What happened 

Shares of movie theater operator AMC Entertainment Holdings (NYSE:AMC) have been on a tear, rising another 23% in early trading on Nov. 24. Since the start of November, the stock has roughly doubled, including today's gain. This is all about investor sentiment, since not much has changed at the company.   

So what

In 2020 the big story for AMC and its movie theater peers is obviously the coronavirus. Efforts to contain the spreading pandemic have involved shutting down movie houses and, even now that locations are reopening, occupancy is limited and cleaning costs have risen. This is terrible news for AMC, which reported an attendance decline of more than 90% in the third quarter. Worse, movie makers remain reluctant to release new flicks while moviegoers are wary of venturing out of their homes.  

A woman in a movie theater eating popcorn.

Image source: Getty Images.

However, in each of the last three weeks there has been positive news on the coronavirus vaccine front. The latest update was on Nov. 23 from AstraZeneca. Investors are starting to believe that the coronavirus can be defeated and that the world will get back to normal at some point in the not too distant future. That's lifted consumer discretionary stocks like AMC. Easing political tensions in the United States are likely helping as well. The only problem is that a vaccine has yet to get final approval and even when one does it needs to be widely distributed before economic activity is likely to return to more normal levels. In the meantime, AMC is going to keep struggling to attract customers. And the current uptick in COVID-19 cases won't help that any.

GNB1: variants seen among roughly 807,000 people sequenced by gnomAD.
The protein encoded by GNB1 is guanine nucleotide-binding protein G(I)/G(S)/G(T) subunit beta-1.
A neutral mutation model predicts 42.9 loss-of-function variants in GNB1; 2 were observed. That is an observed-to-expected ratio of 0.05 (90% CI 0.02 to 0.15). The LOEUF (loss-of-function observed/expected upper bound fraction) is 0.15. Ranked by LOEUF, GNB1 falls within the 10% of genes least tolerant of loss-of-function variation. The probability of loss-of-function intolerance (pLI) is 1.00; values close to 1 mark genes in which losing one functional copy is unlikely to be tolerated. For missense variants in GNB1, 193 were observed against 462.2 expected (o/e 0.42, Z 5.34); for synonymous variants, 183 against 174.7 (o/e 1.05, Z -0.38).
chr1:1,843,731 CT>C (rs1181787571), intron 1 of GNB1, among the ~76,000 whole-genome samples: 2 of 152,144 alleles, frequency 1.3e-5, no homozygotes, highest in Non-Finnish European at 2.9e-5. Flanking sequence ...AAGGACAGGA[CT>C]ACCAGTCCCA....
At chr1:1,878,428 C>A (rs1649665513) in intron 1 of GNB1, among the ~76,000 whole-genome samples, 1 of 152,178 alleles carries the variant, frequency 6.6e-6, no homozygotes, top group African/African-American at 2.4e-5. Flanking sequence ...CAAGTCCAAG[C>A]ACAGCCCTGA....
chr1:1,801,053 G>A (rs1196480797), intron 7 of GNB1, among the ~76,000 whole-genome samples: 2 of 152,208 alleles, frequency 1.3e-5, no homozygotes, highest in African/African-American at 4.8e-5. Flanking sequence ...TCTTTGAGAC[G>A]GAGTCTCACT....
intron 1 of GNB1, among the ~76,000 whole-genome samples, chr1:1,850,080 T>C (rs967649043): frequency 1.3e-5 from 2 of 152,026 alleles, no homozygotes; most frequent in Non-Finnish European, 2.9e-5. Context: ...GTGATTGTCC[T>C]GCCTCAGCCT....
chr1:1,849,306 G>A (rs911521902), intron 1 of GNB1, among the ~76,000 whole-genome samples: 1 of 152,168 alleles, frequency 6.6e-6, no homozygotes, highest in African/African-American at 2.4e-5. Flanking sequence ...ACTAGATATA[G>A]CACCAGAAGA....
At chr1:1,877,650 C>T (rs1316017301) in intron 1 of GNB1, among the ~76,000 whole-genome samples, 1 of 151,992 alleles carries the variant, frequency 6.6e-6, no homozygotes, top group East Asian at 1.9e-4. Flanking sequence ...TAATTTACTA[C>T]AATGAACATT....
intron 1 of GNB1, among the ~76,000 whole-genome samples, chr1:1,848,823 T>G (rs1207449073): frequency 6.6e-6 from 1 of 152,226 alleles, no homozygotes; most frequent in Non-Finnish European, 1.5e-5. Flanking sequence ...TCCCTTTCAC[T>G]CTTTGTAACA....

Now what

It wasn't too long ago that AMC warned it could run out of cash by the end of 2020 or in early 2021. It is working to resolve that issue, but it is highly uncertain whether or not a vaccine will arrive in time to make that process materially easier. In other words, AMC remains a high-risk turnaround stock that most investors would probably be best off avoiding. Indeed, investor enthusiasm, which is often transitory, might be getting a little too far ahead of reality. 

This article represents the opinion of the writer, who may disagree with the “official” recommendation position of a Motley Fool premium advisory service. We’re motley! Questioning an investing thesis -- even one of our own -- helps us all think critically about investing and make decisions that help us become smarter, happier, and richer.